The Bear and the Wildcat by Kazuni Yumoto and Komako Sakai
|The Bear and the Wildcat by Kazuni Yumoto and Komako Sakai|
|Category: For Sharing|
|Reviewer: Ruth Ng|
|Summary: An unusual, beautiful and moving book that helps little ones looks at the emotions surrounding bereavement.|
|Buy? Yes||Borrow? Yes|
|Pages: 48||Date: June 2011|
|Publisher: Gecko Press|
This lovely picture book dives in at the deep end with its opening sentence of One morning, Bear was crying. His best friend, a little bird, was dead. I must admit I initially wondered what on earth I was reading to my four year old and regretted not skimming it first to check, but as we read on together we discovered a beautiful story of friendship and loss, grief and hope.
Bear makes a pretty box to keep his friend in, and he carries him around everywhere he goes, but the other animals are upset when they see what's inside the pretty box and tell Bear that he must forget little bird as he's never coming back to life. This makes Bear so sad that he looks himself in his house and sits in the dark, alone. One morning he finally opens his door and sees that the sun is shining. He goes for a walk and he meets a wildcat who also has a strangely shaped box. Wildcat says Bear may look inside but then he must show him inside his pretty box.
Bear is cautious, but he does so, and Wildcat looks at the little bird for a long time before saying that the bird must have been a very special friend and that Bear must miss him a lot. Wildcat plays some music for Bear on his violin and as he does so Bear starts to remember all the fun he had with little bird. He begins to come to terms with the little bird's death, knowing that he will always have his memories and little bird will always be his friend. Together they bury little bird and Wildcat suggests that Bear joins him in travelling around the country playing music, giving him an old tambourine that he has in his bag.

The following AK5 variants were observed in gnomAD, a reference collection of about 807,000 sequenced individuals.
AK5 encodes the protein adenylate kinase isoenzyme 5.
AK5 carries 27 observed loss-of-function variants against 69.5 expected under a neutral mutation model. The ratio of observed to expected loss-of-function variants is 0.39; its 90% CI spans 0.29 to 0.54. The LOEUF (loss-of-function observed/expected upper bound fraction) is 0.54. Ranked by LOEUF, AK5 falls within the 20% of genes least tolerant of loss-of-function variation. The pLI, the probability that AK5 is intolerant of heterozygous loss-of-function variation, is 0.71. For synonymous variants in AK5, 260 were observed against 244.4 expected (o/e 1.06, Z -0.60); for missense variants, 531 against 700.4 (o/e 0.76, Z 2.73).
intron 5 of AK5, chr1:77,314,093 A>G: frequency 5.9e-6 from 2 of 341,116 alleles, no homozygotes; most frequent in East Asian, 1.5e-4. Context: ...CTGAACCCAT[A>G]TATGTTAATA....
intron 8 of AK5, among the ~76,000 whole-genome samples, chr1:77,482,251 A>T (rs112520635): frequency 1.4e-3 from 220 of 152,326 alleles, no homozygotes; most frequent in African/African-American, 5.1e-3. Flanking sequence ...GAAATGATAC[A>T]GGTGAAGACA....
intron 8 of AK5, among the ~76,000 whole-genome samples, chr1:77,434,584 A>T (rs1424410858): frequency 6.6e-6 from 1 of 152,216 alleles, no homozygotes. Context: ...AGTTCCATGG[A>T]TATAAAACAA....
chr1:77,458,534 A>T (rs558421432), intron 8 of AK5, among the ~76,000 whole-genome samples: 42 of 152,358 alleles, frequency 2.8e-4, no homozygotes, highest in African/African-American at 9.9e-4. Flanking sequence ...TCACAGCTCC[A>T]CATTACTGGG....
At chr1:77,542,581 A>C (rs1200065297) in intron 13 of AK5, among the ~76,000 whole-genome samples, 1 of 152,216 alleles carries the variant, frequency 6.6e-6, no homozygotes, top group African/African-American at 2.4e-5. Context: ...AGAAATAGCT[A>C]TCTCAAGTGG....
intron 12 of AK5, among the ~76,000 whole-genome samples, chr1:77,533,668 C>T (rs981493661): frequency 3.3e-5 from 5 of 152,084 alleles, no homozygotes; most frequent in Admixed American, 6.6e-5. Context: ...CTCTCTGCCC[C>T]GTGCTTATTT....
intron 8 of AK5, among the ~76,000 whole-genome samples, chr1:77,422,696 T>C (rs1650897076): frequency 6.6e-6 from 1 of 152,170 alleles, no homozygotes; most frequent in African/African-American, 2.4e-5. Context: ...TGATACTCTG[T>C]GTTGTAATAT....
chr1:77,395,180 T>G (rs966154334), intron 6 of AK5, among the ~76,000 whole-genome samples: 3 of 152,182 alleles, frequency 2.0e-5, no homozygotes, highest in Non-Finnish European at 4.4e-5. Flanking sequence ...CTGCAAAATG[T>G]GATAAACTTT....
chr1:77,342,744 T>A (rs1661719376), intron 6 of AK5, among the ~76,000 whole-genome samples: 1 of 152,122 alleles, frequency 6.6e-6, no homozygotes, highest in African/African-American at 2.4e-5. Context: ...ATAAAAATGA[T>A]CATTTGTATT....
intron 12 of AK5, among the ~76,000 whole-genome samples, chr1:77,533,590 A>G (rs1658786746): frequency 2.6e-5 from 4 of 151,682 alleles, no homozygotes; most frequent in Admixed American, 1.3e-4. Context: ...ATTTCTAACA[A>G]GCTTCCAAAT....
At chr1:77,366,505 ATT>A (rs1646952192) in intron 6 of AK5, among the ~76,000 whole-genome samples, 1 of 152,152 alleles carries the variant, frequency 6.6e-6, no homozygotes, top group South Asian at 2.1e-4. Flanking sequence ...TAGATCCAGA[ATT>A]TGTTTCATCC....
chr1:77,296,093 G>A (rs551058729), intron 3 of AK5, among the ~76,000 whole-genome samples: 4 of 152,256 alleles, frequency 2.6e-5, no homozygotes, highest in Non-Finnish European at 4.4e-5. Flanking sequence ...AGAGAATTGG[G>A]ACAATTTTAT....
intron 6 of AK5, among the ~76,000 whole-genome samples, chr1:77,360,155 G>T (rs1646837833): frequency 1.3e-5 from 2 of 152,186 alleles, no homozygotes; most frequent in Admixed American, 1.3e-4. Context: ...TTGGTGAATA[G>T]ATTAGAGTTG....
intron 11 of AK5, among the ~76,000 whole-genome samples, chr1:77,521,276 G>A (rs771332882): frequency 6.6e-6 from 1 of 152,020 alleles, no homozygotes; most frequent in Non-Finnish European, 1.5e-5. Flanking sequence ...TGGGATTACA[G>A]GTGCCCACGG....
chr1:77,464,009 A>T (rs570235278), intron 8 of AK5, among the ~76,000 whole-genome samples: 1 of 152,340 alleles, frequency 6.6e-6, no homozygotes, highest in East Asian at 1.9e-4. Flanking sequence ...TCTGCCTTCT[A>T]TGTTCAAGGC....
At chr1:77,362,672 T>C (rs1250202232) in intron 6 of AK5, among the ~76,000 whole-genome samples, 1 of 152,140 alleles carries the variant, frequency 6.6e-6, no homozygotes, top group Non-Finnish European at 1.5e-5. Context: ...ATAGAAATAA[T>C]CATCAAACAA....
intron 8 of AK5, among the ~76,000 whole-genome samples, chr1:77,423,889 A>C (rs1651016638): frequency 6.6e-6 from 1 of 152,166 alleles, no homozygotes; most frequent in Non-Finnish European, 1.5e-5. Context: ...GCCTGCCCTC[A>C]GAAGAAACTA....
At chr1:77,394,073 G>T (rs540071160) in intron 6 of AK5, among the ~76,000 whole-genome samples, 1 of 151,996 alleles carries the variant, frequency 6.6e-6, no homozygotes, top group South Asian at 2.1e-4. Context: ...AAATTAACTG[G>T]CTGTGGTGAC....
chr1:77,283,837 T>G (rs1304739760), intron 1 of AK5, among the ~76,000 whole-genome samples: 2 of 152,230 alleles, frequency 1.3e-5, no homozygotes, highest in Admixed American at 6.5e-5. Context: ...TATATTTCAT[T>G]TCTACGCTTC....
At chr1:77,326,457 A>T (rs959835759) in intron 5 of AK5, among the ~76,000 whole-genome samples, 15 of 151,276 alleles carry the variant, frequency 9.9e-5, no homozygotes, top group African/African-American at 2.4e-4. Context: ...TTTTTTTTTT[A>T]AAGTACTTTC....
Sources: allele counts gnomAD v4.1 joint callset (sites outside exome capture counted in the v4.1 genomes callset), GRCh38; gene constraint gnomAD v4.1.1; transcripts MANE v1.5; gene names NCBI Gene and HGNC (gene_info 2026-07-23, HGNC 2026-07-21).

Writing the story out in this way reduces it somehow, makes it seem less than it is, for actually this is a carefully, lovingly written story that I found very moving and perfect for creating the opportunity to discuss death and grief with my daughter. The illustrations throughout are black and white, with a very occasional touch of red. They have a soft, dusty feel to them and manage to portray both the desperate, black sadness of Bear when he locks himself away in his house alone as well as the hope in his heart as he sets out with Wildcat to travel and bring music into the lives of others.
I think it's wonderful that the publishers would take the risk to make such an unusual book - no loud colours or rhyming text here - and it's certainly an unusual subject to look at with small children. My daughter has asked for it repeatedly since we first read it though, and I find it just as emotional at each reading. A really beautifully written book - definitely recommended.
I'd like to thank the publishers for sending a copy to the Bookbag.
Further reading suggestion: For more on dealing with bereavement try The Savage by David Almond and Dave McKean.
You can read more book reviews or buy The Bear and the Wildcat by Kazuni Yumoto and Komako Sakai at Amazon.co.uk.
You can read more book reviews or buy The Bear and the Wildcat by Kazuni Yumoto and Komako Sakai at Amazon.com.
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